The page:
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The Central Valley Garden in Winter

Articles: The Central Valley Garden in Winter

Washington thorn (Crataegus phaenopyrum). Photograph by Ellen Zagory

In California’s Central Valley, the onset of winter’s cool, wet weather marks the beginning of the growing season for California native and mediterranean climate plants. Comparable to early spring in colder, continental climates, this is the season when root growth begins and summer drought-adapted plants emerge from dormancy, leafing out and, in some cases, bursting into bloom. A quiet, gray winter day, when the fog is lying low in the valley, is a perfect time to walk in the garden and see things that may go unobserved in summer. Instead of masses of flowers and industrious pollinators, winter highlights include ornamental tree bark, clusters of glossy berries, and interesting plant forms and foliage. As an added bonus, winter gardens are alive with the calls and movement of migrating birds.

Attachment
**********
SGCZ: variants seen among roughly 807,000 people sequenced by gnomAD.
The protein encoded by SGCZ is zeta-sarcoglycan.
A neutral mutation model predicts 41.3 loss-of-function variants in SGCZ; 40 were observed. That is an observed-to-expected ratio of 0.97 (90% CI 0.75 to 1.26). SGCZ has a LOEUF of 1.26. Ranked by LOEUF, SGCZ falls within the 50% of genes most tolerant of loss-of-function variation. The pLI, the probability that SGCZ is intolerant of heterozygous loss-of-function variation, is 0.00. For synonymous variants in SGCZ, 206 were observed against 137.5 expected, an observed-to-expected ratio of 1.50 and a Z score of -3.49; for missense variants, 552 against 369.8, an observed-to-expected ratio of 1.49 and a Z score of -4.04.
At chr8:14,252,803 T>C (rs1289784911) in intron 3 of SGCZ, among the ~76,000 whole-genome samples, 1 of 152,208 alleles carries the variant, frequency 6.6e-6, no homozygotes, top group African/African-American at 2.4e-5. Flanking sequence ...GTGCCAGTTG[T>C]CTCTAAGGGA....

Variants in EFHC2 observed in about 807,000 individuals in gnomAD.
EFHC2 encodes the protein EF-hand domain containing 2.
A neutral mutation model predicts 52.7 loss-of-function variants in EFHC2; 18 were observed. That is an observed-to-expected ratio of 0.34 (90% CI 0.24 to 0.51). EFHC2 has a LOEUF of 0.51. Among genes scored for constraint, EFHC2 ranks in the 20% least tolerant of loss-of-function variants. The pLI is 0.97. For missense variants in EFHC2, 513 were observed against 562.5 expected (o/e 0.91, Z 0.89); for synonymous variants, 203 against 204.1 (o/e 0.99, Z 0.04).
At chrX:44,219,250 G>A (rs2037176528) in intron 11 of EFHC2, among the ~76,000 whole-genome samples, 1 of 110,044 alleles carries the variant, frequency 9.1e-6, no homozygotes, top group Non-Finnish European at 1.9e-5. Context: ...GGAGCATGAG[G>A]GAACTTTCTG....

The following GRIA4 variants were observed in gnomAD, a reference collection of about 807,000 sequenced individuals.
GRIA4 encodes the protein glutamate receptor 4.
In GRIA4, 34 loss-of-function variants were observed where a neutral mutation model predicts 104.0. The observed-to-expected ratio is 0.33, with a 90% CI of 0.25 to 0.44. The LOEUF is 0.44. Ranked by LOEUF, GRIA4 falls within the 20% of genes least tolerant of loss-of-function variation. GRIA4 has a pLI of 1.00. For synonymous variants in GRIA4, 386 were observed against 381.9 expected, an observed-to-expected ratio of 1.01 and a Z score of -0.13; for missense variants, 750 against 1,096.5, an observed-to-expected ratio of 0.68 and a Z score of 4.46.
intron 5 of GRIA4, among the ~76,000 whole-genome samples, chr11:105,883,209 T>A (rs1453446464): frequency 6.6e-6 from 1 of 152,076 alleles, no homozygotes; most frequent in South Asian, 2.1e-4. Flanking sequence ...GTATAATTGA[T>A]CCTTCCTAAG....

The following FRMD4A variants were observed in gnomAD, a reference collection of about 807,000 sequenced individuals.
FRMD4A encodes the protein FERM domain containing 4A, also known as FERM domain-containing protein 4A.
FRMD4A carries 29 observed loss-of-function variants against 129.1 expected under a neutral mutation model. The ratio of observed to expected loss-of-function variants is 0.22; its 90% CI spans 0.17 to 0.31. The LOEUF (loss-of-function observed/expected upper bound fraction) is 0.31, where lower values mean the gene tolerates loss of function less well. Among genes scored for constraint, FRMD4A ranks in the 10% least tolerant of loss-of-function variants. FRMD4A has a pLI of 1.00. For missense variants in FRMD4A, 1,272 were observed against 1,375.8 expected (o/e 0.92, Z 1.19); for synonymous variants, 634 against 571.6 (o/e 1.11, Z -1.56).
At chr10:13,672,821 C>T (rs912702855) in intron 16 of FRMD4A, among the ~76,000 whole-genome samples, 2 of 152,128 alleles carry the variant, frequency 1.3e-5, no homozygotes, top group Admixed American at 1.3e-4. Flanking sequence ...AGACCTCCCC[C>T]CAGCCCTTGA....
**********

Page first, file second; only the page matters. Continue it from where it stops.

Winter daphne (Daphne odora ‘Aureomarginata’). Photograph by Saxon Holt

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